Asunción is a vastly underrated city. One of the oldest settlements in South America, this sprawling metropolis is home to some striking architecture, fascinating museums, colonial gems and a recently upgraded coastal boardwalk. For something a little different, stick around in Paraguay’s capital and check out our top things to see and do.
For travellers in search of untrampled pastures, Asunción’s crumbling colonial buildings only add to its charm. Locals speak a mixture of Spanish and the indigenous Guaraní – and little English. Dirt poor and recovering from the dictatorships that gripped South America in the latter part of the 20th century, Paraguay’s capital is still dusting off its knees when it comes to tourism. Yet, for the curious, there’s plenty lurking beneath the surface. Imposing palacios rub shoulders with up-and-coming restaurants, while the renovated Costanera draws hundreds to watch the sunset over the Río Paraguay. Here’s where you should head on your next trip.
Blindingly white and heavily influenced by neoclassical and palladian styles, the presidential palace is perhaps Asunción’s most iconic building. Originally intended to be a grand home, today it serves as the seat of government, with the president’s office on the ground floor. For a totally different view, head back to the Palacio at night when it’s illuminated against the inky sky.
The essential museum for all things Paraguayan, Museo del Barro is a must-visit spot on the outskirts of the city. Packed with historic art – including wood carvings, ceramics, masks and religious sculptures – the exhibitions trace more than 400 years of indigenous culture and colonial invasion. If you want to learn more about this little-known country and its diverse history, join a (Spanish speaking) workshop or a guided tour.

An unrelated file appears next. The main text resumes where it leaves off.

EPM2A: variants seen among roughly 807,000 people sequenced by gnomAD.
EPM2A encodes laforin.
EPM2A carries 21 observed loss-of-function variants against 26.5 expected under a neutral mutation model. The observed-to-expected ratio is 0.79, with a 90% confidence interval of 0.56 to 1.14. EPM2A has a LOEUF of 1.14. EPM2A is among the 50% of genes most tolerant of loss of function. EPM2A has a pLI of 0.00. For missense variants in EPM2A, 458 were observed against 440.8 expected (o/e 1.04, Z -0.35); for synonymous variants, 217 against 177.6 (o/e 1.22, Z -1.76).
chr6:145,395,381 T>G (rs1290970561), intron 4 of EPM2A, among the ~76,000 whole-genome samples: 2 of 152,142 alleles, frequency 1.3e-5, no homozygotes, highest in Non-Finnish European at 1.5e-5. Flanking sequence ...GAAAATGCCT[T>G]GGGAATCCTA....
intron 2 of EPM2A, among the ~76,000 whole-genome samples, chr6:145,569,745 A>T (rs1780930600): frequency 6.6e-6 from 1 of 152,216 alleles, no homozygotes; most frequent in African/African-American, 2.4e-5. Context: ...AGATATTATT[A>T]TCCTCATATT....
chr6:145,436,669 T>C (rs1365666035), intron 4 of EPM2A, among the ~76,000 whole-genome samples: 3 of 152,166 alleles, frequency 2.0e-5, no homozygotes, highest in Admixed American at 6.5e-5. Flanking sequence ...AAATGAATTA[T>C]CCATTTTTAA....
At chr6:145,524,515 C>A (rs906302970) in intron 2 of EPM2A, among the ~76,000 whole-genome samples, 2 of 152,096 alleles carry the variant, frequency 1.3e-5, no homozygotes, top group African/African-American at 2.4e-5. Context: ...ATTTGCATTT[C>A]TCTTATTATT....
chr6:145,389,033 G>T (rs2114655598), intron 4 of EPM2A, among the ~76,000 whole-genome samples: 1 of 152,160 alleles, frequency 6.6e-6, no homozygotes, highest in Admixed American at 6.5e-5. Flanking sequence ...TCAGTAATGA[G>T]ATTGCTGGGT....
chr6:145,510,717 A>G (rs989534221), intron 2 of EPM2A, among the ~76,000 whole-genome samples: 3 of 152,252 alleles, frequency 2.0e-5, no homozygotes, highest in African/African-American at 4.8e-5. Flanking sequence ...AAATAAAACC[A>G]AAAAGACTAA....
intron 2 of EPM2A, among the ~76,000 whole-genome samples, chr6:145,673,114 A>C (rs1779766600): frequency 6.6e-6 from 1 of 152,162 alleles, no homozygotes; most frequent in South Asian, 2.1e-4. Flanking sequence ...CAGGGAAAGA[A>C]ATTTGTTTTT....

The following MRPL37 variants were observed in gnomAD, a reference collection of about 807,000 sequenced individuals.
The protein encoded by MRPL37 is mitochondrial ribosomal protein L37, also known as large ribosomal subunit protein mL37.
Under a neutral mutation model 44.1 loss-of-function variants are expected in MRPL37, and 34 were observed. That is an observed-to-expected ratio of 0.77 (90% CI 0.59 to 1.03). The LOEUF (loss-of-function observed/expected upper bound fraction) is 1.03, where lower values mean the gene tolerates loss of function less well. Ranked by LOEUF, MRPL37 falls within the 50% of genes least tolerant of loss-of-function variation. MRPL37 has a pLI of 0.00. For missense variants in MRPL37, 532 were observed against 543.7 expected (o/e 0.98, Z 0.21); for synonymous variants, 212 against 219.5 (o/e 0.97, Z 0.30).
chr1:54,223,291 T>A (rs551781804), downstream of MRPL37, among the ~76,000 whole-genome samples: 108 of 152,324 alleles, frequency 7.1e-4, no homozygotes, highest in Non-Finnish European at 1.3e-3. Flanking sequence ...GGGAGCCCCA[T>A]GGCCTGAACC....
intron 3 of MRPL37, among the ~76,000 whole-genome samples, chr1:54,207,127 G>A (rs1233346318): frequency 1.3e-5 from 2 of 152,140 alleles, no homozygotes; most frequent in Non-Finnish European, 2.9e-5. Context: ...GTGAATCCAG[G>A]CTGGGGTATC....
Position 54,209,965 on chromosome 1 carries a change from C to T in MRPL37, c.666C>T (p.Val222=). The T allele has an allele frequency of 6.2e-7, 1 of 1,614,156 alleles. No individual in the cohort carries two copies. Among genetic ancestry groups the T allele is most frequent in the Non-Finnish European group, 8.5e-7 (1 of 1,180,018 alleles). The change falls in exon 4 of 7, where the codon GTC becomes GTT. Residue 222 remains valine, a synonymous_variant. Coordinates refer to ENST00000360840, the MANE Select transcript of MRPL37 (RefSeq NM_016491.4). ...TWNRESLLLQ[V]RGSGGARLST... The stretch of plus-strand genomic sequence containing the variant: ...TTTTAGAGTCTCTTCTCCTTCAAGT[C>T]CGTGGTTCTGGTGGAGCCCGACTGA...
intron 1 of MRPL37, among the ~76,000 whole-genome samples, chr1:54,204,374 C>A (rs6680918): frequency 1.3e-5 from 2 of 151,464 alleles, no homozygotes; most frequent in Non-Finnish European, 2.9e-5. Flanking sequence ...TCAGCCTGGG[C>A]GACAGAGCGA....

Winding alongside the Río Paraguay, La Costanera is a broad promenade frequented by strolling locals with tereré (cold-brewed yerba mate) in hand. Redeveloped in 2013, it’s now one of the most pleasant spots in the city to while away an afternoon or to catch the setting sun. Feeling active? Rent a bike or rollerblades from one of the many riverside vendors.
Head to this upbeat, colourful neighbourhood for a glimpse of authentic Paraguay. It’s a little tricky to find, though the locals are especially welcoming here, even more so if you can show off some Spanish. When night falls, pick up some chipá (cheese rolls) as you wander around, then grab a cocktail at the delightful rooftop bar, La Casa del Mojito.
Mercado Cuatro is the most bustling market in the capital. It’s about a 30-minute walk away from the centre, so the perfect trip for a quiet weekday morning. Street food stalls mingle with stands selling indigenous crafts, pets and Chinese electronics. Pick up some fresh local produce, a bright scarf to shade you from the midday heat and an icy lager for the road.
This unassuming cottage, built in the late 18th century by a Spanish settler, is an important national monument. It was here that a tightly knit political group declared Paraguay’s independence from Spanish rule in 1811. Now Casa de la Independencia houses relics of that time, including secret documents and beautiful paintings of key members of the movement. History buffs shouldn’t miss the stately portrait of Emperor Charles V, hanging in the saloon.
Right at the heart of Barrio Catedral, this towering church is an integral part of the Asunción skyline. Built in 1845 to replace a 16th century chapel and clad in silver, it’s a powerful sight, with a stripped-back interior and dainty stained glass windows. Today, the cathedral is at the heart of the city’s religious celebrations – the pope even celebrated mass here in November 2015.
Football is one of Paraguay’s most passionate pastimes. The 2010 World Cup saw the national team reach the final, while several of the country’s best players are dotted throughout Europe’s top clubs. Rowdy matches at Asunción’s Estadio Defensores del Chaco aren’t for the faint hearted. If you’re feeling brave, catch a game between Olimpia and Cerro Porteño – the city’s greatest rivals.
Head to Plaza de Independencia for this gem of a museum. El Cabildo is a cultural centre and exhibition space dedicated to Paraguay’s indigenous heritage. It has several halls packed with examples of traditional music, religious artifacts and native crafts. There are often English-speaking guided tours, as well as access to the former Paraguayan senate rooms. Head upstairs for an intriguing view across the city.
Guarded by two solemn sentinels, Panteón Nacional de los Héroes is a shrine paying homage to Paraguay’s fallen and a restful place for quiet reflection. Interred inside the chapel are Don Carlos Antonio López – Paraguay’s first president – and hero of the Chaco War, Mariscal José Félix Estigarribia, as well as the remains of two unknown soldiers. Look out for the ceremonial changing of the guard throughout the day.